If I were to come to this page without Guy Kawasaki’s clear explanation, I would most likely leave without trying the service. It neither clearly explains the most common use nor the value proposition of the service.
To sum up, KEEP IT SIMPLE. Use simplicity to hook the investor, the customer, the partner, or whoever else you are trying to influence. Once hooked, over time (which could be as little as 2 minutes later), you can tell the full story.
There have been many articles written on the subject of why businesses fail, and most of them point to the same reasons, such as:
-Lack of a well thought-out business plan
-Expanding too quickly
-Insufficient marketing or promotion
-Inability to adapt to a changing marketplace
-Failure to keep overhead costs low
These reasons are widespread and no doubt cause many businesses to fail. However, the reason for a company’s failure is not always something so obvious. Here are 6 lesser-known reasons why a business might fail.
Why do these reasons remain untold? Simple. Most of the time, the business owner doesn’t realize that these reasons are what caused their failure, and consultants generally don’t ask the kinds of questions that would identify them.
1) Focusing on Short-Term Profits Rather than Building Long-Term Value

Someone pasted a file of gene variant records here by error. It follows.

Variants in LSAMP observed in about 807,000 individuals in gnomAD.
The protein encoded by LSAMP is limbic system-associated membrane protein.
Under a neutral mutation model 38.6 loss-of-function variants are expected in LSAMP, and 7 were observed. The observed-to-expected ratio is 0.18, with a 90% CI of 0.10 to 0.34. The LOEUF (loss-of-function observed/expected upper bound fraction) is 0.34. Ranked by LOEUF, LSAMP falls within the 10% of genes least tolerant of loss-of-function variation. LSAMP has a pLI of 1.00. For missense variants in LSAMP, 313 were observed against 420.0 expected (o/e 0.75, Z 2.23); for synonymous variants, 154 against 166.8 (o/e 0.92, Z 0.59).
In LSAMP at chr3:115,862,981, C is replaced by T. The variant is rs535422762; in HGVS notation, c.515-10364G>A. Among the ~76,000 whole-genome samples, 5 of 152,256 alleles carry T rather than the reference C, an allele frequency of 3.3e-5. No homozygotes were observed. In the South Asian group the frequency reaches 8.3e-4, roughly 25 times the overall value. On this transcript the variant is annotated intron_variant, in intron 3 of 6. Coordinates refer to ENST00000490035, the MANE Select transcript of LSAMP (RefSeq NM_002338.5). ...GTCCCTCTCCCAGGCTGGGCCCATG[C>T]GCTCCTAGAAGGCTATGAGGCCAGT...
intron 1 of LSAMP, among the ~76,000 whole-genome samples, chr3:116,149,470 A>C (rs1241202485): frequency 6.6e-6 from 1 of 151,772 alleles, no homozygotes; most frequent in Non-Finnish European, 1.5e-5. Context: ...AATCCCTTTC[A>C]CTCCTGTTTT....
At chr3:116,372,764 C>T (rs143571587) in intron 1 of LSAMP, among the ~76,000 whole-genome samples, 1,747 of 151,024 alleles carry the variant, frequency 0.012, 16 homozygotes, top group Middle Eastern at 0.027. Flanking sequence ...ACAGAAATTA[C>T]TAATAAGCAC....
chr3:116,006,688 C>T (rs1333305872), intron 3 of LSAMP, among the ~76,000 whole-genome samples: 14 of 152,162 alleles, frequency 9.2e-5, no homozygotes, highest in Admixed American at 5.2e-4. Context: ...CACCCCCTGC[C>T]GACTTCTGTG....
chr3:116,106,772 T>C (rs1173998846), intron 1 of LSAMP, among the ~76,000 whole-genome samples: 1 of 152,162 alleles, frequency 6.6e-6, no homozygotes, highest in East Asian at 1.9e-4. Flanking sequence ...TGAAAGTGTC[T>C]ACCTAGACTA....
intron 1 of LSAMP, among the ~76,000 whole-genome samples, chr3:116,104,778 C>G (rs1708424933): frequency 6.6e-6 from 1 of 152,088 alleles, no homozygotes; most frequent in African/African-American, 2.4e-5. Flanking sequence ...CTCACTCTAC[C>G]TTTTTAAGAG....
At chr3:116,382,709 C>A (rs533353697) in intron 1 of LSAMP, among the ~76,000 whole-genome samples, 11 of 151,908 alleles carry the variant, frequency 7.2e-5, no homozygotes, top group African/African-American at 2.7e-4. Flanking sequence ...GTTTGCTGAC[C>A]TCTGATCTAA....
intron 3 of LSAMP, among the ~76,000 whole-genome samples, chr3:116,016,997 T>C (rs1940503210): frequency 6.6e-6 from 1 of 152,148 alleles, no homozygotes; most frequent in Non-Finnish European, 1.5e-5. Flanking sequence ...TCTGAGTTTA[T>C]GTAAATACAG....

It’s important to be profitable, but NOT when short-term profits come at the expense of the long-term value of the business and the lifetime value of the customer.
Here’s a real-life example: In the late 1990s, there was a franchise of a national smoothie shop located in West Los Angeles, CA. At this store, smoothies sold for about $4. They cost only around $1 to make, resulting in a solid profit. However, certain ingredients, like mangoes and berries, cost more than the other ingredients, such as juice and frozen yogurt. Since juice and frozen yogurt were cheap, the franchisee put more of these ingredients in their smoothies and less of the expensive ingredients. By doing this, their profit margin per smoothie grew by approximately 20 cents, which seemed great… on paper. Unfortunately for the store, customers weren’t satisfied with the taste of the lower cost smoothies, people stopped going there, and the store eventually went out of business.
As you can see here, it’s important to consider the lifetime value of a customer. Repeat business is way more valuable than short-term profits. Saving 20 cents on a smoothie today will cost you big in the long run.
(Another great example of this concept is Google giving preference to relevant ads in order to improve the user experience, even though there are less relevant advertisers willing to pay a higher price per click.)
2) Ego Business vs. Business Opportunity
The foundation of a good business is a good business opportunity. As an entrepreneur, you want to fill a need in the marketplace. Unfortunately, many businesses are started solely to fulfill an entrepreneur’s ego (or, to put it less harshly, to satisfy one of the entrepreneur’s interests).
This can often be seen in the restaurant & bar industry, where too many entrepreneurs open shop because it’s a “cool” thing to do. Such businesses rarely succeed.
3) Life distractions
The best ideas don’t always come between 9 and 5. A person might have a great idea while driving, or in the shower, or while working out. It’s moments like these when an entrepreneur leaves behind the day-to-day tasks of running a business and gains a better perspective of the big picture.